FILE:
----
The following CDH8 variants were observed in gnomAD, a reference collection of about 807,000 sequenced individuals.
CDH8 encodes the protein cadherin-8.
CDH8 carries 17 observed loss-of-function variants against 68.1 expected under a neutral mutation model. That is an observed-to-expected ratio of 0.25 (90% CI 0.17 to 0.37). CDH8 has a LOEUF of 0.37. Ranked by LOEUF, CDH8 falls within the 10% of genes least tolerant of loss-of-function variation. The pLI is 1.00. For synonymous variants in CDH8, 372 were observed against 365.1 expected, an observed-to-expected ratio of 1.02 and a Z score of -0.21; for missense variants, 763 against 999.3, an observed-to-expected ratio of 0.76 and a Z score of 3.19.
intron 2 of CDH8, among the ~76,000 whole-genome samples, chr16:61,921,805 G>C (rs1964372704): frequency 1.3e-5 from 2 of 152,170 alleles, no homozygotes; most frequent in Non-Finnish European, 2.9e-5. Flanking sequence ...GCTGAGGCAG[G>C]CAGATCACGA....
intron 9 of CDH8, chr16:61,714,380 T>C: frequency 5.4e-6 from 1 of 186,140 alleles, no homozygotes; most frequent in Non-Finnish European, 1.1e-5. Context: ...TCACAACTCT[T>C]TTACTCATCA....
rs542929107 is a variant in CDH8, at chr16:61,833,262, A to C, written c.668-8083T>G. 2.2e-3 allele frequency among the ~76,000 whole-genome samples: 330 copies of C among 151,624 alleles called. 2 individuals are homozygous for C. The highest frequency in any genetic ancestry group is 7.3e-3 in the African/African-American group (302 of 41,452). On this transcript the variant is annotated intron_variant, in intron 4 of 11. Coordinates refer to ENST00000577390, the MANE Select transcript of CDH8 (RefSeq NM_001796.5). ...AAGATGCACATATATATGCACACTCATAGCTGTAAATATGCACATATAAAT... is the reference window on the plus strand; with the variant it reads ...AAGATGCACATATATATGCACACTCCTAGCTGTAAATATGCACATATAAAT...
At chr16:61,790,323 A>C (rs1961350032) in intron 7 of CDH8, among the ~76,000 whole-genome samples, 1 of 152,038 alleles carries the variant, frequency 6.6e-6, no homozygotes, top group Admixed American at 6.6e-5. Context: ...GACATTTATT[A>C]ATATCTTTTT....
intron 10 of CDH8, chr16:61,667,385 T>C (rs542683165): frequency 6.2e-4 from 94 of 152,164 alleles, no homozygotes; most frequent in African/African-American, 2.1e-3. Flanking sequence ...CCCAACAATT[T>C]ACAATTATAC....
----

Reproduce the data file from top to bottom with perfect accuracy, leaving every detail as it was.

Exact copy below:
The following CDH8 variants were observed in gnomAD, a reference collection of about 807,000 sequenced individuals.
CDH8 encodes the protein cadherin-8.
CDH8 carries 17 observed loss-of-function variants against 68.1 expected under a neutral mutation model. That is an observed-to-expected ratio of 0.25 (90% CI 0.17 to 0.37). CDH8 has a LOEUF of 0.37. Ranked by LOEUF, CDH8 falls within the 10% of genes least tolerant of loss-of-function variation. The pLI is 1.00. For synonymous variants in CDH8, 372 were observed against 365.1 expected, an observed-to-expected ratio of 1.02 and a Z score of -0.21; for missense variants, 763 against 999.3, an observed-to-expected ratio of 0.76 and a Z score of 3.19.
intron 2 of CDH8, among the ~76,000 whole-genome samples, chr16:61,921,805 G>C (rs1964372704): frequency 1.3e-5 from 2 of 152,170 alleles, no homozygotes; most frequent in Non-Finnish European, 2.9e-5. Flanking sequence ...GCTGAGGCAG[G>C]CAGATCACGA....
intron 9 of CDH8, chr16:61,714,380 T>C: frequency 5.4e-6 from 1 of 186,140 alleles, no homozygotes; most frequent in Non-Finnish European, 1.1e-5. Context: ...TCACAACTCT[T>C]TTACTCATCA....
rs542929107 is a variant in CDH8, at chr16:61,833,262, A to C, written c.668-8083T>G. 2.2e-3 allele frequency among the ~76,000 whole-genome samples: 330 copies of C among 151,624 alleles called. 2 individuals are homozygous for C. The highest frequency in any genetic ancestry group is 7.3e-3 in the African/African-American group (302 of 41,452). On this transcript the variant is annotated intron_variant, in intron 4 of 11. Coordinates refer to ENST00000577390, the MANE Select transcript of CDH8 (RefSeq NM_001796.5). ...AAGATGCACATATATATGCACACTCATAGCTGTAAATATGCACATATAAAT... is the reference window on the plus strand; with the variant it reads ...AAGATGCACATATATATGCACACTCCTAGCTGTAAATATGCACATATAAAT...
At chr16:61,790,323 A>C (rs1961350032) in intron 7 of CDH8, among the ~76,000 whole-genome samples, 1 of 152,038 alleles carries the variant, frequency 6.6e-6, no homozygotes, top group Admixed American at 6.6e-5. Context: ...GACATTTATT[A>C]ATATCTTTTT....
intron 10 of CDH8, chr16:61,667,385 T>C (rs542683165): frequency 6.2e-4 from 94 of 152,164 alleles, no homozygotes; most frequent in African/African-American, 2.1e-3. Flanking sequence ...CCCAACAATT[T>C]ACAATTATAC....